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Advancing Integrated Tick Management to Mitigate Burden of Tick-Borne Diseases
- Pérez de León, Adalberto A., Teel, Pete D., Li, Andrew, Ponnusamy, Loganathan, Roe, R. Michael
- Outlooks on pest management 2014 v.25 no.6 pp. 382
- Americans, Centers for Disease Control and Prevention, Lyme disease, Rocky Mountain spotted fever, United States Environmental Protection Agency, anaplasmosis, at-risk population, babesiosis, climate, disease reservoirs, disease transmission, ehrlichiosis, environmental protection, global change, governmental programs and projects, habitats, human health, humans, information exchange, integrated pest management, land use, notifiable disease, pathogens, pets, stakeholders, ticks, tularemia, wildlife, zoonoses, United States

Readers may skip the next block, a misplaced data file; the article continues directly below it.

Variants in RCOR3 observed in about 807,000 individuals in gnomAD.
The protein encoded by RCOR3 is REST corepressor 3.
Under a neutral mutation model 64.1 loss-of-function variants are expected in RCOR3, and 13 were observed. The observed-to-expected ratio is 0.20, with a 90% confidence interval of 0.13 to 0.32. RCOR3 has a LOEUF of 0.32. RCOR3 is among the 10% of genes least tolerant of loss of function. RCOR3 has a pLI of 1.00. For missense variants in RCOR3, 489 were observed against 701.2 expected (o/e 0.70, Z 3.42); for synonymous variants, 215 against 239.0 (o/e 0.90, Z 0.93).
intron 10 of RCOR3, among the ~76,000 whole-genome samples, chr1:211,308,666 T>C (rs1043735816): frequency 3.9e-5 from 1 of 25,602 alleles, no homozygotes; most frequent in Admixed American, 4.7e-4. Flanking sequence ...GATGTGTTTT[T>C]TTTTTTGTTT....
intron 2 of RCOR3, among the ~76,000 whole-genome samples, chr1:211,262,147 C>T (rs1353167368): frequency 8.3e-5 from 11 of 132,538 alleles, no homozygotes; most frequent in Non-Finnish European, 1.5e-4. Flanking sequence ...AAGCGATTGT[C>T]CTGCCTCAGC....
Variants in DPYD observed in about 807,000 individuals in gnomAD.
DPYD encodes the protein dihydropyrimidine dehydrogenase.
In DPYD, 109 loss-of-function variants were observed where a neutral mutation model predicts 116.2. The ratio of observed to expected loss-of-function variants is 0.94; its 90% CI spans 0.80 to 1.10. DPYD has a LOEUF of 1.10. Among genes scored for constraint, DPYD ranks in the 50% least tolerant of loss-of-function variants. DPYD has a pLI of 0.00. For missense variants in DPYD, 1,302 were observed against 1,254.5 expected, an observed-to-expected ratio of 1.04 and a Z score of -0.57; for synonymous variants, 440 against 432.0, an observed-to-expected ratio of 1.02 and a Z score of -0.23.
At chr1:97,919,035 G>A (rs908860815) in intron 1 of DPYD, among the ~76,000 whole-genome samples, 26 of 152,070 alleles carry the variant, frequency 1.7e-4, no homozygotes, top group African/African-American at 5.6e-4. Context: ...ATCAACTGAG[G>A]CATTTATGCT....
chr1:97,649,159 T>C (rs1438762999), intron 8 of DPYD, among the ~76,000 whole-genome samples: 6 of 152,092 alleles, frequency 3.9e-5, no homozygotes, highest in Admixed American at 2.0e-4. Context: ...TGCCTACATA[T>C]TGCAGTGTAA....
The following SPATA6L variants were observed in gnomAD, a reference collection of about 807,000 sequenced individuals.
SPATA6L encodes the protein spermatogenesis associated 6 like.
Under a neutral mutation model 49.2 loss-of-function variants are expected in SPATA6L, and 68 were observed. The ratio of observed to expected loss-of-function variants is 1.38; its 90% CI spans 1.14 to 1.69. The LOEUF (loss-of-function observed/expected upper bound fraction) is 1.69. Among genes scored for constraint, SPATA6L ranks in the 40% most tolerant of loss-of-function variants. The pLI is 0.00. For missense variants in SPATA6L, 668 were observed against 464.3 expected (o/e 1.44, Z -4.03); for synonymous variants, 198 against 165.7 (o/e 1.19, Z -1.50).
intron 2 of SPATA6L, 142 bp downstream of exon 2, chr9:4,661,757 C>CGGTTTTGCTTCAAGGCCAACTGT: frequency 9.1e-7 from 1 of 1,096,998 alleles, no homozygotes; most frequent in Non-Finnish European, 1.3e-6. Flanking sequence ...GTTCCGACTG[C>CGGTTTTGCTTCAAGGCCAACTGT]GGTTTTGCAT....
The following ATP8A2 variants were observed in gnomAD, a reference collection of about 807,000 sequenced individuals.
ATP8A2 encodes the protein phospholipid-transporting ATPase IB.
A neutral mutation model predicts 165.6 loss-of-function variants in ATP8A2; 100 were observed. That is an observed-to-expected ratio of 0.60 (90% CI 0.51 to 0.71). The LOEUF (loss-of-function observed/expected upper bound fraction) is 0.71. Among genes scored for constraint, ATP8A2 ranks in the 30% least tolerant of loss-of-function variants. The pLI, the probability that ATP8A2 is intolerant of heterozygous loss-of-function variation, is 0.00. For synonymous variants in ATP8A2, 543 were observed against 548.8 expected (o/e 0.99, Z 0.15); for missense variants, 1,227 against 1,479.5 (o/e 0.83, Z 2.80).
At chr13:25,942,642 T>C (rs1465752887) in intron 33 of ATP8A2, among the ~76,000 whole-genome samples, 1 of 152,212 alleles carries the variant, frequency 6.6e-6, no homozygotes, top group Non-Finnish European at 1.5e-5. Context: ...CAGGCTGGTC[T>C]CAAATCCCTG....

- More than half the world’s population is at risk of exposure to vector-borne pathogens. Annually, more than 1 billion people are infected and more than 1 million die from vector -borne diseases, including those caused by pathogens transmitted by ticks. The problem with tick borne diseases (TBD) is growing and getting more complicated. Most TBD are transmitted via tick bite from animals to humans and are termed zoonotic. Aspects related to global change, including climate variation, and shifts in land-use and habitat, seem to be driving the increased number of TBD cases worldwide. Notable TBD in the U.S. include anaplasmosis, babesiosis, ehrlichiosis, L yme disease (LD), Rocky Mountain spotted fever, and tularemia. LD is a notifiable disease at the national level, the 6th most common disease reported to the Center for Disease Control (CDC) and Prevention, and the most common tick-borne disease in the U.S. Estimates by the CDC indicate that the number of Americans diagnosed with LD each year is around 300,000. A public dialogue on the problem with LD and other TBD in the U.S. has taken place for several years. An outcome of that public dialogue involves efforts at the community level to achieve effective TBD integrated pest management. This is reflected in PestWise, which is a collaborative suite of partnership programs established by the Environmental Protection Agency to promote environmental innovation in pest management where people live, work, learn, play, and farm. State and local agencies, federal entities that include the Department of Agriculture, academia, and stakeholders, facilitated the creation of the TBD-Integrated Pest Management Workgroup (TBD IPM WG). The TBD IPM WG developed a whitepaper to synergize efforts by federal agencies involved in tick management as it relates to human health, companion animals, and wildlife that may serve as disease reservoirs. Here, we review aspects of this initiative to use the principles of IPM to apply knowledge generated through hypothesis-driven research with the ultimate goal of reducing the number of TBD in the U.S. A summary of smartphone tick mobile applications is included.